And out of nowhere, like a dreaded cold that chills your bones, The Months of Ber have fallen upon us, signalling the time to check on our affairs and tie up loose ends wherever we can.
With summer wrapped up but a wealth of work still sitting on my plate, I looked at my desk and didn’t even know where to start. When I added cleaning my desk to The 2014 100 back in January, it was no joke — the pressed wood of my 2% stake in my home has long vanished under piles of unfinished ideas, half-read books, and a plethora of resources I got with good intentions, but ultimately used them so seldom that all they do is take up space.
It’s time to figure out what really needs doing in my life, and with luck, I can enter 2015 much farther ahead than I was a mere 9 months ago.
Somewhere along the road, I lost a week. Whether it was from an Icepocalypse in Toronto that displaced us from our home, leaving it without power for 30 hours; a nasty illness making it much harder stay jolly (and/or conscious) through the 4-day celebration that is our family’s Christmas; or simply underestimating the wealth of family and friends we have that wants to meet DoomzToo, I suddenly found myself at the tail end of December with entirely too much content left to write!
A sane man would quit, patting himself on the back for the best effort he could’ve possibly put out in a year, and rest on his laurels promising to do a better job the next year.
Unfortunately for me, no one’s ever mistook me for a sane man.
In an effort to make up for lost time, I’ve written. Not the easiest when you have a son who refuses to sleep without being held after all the attention he got at Christmas, but in those 5-minute spurts where he isn’t fighting the urge to shut his eyes and catch some Zs, that’s what I’m doing.
So feast your eyes on the next installment of my year-end wrap-up, and if I don’t manage to knock all these 100 stories out before we’re singing Auld Lang Syne on the 1st, just remember this — I left 2013 with a roar, not a whimper.
The first day back to work after a lengthy vacation is usually a pretty strange feeling — but for me this time, it was even more different than what I was used to.
In the past, I’ve mourned the loss of freedom to while away hours as I pleased, the choice to wake up when I wanted — these things were always replaced with alarm clock-reveilles and the feeling that I wasn’t getting anything done quickly enough.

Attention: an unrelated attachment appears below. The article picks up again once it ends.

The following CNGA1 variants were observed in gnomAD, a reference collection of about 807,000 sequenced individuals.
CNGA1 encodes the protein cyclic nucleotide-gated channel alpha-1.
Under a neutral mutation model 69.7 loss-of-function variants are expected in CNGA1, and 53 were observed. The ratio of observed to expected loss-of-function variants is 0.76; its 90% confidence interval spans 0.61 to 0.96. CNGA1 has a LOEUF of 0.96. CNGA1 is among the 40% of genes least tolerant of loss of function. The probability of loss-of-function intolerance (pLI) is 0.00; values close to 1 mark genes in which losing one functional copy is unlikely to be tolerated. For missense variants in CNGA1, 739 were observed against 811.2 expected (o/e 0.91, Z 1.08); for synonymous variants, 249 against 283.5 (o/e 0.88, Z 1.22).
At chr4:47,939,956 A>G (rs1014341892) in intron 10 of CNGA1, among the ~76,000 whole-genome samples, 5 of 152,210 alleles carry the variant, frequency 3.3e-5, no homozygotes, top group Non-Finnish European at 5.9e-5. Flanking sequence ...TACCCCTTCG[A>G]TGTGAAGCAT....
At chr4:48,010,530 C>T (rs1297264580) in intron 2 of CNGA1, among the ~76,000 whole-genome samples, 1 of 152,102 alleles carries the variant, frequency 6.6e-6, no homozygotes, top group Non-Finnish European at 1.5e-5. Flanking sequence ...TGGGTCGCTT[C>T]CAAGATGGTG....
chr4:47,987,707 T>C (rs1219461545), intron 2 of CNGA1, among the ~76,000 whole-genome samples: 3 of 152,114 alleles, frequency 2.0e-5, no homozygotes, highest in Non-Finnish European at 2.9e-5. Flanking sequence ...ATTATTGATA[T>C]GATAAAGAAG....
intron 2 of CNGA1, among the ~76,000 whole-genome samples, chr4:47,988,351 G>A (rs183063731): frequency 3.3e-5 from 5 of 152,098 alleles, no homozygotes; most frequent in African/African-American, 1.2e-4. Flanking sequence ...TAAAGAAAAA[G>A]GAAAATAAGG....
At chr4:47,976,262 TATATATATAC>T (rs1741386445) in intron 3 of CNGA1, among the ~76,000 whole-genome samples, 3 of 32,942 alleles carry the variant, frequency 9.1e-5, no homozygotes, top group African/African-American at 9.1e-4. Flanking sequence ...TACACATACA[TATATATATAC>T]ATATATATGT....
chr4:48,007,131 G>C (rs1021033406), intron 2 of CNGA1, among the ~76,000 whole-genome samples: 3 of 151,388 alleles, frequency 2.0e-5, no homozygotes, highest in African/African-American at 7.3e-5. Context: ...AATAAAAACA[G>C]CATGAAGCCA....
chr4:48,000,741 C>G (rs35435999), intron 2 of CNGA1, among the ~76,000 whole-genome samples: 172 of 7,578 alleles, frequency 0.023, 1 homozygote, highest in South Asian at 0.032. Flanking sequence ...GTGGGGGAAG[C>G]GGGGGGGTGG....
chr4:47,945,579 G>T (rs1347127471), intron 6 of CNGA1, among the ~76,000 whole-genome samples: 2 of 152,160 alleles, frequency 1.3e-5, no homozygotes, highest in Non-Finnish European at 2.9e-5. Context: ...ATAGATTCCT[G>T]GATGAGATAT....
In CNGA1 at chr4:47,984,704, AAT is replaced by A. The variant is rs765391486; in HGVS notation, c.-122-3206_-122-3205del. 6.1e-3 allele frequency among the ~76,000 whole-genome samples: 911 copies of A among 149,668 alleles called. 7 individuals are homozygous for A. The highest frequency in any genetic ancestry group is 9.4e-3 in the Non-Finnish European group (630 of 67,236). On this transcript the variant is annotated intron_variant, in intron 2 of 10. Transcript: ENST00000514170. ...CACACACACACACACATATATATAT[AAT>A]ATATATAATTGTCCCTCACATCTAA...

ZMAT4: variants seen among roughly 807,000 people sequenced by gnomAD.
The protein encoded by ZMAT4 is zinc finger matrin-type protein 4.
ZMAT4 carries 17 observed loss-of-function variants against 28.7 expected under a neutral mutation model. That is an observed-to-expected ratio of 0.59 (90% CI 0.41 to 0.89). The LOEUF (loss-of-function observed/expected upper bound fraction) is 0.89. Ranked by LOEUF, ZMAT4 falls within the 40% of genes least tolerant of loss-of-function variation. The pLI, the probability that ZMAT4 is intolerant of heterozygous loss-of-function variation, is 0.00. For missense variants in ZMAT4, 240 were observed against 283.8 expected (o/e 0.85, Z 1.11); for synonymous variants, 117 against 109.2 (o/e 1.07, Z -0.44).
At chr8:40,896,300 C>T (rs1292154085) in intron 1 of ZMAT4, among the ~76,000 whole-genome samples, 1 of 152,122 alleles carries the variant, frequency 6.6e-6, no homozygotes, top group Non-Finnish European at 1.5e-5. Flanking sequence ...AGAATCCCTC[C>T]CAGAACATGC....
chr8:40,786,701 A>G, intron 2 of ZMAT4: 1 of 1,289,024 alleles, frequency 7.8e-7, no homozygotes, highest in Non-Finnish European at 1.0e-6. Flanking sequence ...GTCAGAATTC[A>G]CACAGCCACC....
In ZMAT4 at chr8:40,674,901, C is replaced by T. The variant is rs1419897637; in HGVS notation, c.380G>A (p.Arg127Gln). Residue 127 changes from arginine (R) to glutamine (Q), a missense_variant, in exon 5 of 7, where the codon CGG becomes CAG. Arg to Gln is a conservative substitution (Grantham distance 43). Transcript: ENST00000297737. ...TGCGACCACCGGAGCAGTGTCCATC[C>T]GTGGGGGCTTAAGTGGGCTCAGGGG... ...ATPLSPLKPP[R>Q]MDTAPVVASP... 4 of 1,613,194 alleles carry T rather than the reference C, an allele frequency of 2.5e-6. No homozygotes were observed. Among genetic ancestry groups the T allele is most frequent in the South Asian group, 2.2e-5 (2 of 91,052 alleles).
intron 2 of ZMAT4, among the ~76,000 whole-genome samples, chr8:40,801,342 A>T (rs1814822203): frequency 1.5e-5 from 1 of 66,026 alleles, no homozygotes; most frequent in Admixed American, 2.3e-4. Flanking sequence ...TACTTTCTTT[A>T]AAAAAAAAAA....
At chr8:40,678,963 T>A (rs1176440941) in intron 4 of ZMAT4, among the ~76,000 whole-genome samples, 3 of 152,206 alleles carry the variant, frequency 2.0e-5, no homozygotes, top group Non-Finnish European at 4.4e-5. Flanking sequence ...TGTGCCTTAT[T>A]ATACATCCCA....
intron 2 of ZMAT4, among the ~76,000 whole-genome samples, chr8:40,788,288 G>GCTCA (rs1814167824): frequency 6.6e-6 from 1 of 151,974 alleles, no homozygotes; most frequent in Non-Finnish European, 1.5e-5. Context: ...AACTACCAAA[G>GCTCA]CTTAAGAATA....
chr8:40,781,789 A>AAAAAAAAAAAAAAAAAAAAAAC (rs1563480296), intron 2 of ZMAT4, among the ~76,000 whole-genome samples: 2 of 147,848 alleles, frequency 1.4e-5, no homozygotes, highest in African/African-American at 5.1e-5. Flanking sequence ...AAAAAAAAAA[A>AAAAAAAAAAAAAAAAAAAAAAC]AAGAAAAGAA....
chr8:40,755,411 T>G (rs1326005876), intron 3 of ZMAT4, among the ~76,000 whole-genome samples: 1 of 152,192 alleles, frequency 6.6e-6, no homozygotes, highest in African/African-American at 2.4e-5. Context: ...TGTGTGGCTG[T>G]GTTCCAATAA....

But this time was different — for the first time, I’d come back with a single question:
Before I’d left for Tanzania, I was pulling 12- to 16-hour days trying to wrap up as much work as possible before leaving. It was as if the fate of the world depended on me getting all of my work done right there and then.
Fast-forward a couple of weeks and I’;m sitting in a hut the size of my office and made of dirt, wood, dried grass and cow dung. It fits six family members, and no one complains about the snug fit, for this is all they know. (We didn’t take pictures, since we thought it would be disrespectful.)
Yet I’m back here and I’m hearing the moans of people who hate their job and others who feel stressed trying to get reports in on time.
However, I still understand how we can get so wrapped up in the madness of our jobs. I woke up this morning to a flurry of emails on my BlackBerry marked “high-priority” and “important”, and while I know it’s going to be a busy day, is that a good enough reason to get myself worked up?
Stop. Take a moment. Think about it — I mean really think about where you are in life and what really matters in your world.
Perhaps you too can experience a much-needed paradigm shift.
Tell your wife, tell your kids, tell your husbands:
There are some things that genuinely make me sad. The dissolving of a solid friendship when I put a ton of effort into something only to have it fail miserably. Sometimes though, it’s the difficult choices we need to make in life and doing things we might not want to do, but have to.
You might see a bit of contrast between this and my general viewpoint of engineering your life so that you don’t have to do the things you don’t want to, but some things are simply unavoidable.
This time it was delivering news I didn’t want to deliver.
If you get a solid eight hours of sleep every night, I’m pretty sure that you’ve never experienced the haze. That’s what I’m feeling right now — the haze that settles over you when you’re not quite asleep, but very much not awake — you’re somewhere in between, vaguely aware as time passes all around you. Some people chase after the feelings of calm and nonchalance that the haze can provide through using drugs or alcohol — for me, it all came down to an urgent presentation that was assigned late and due noon the next day.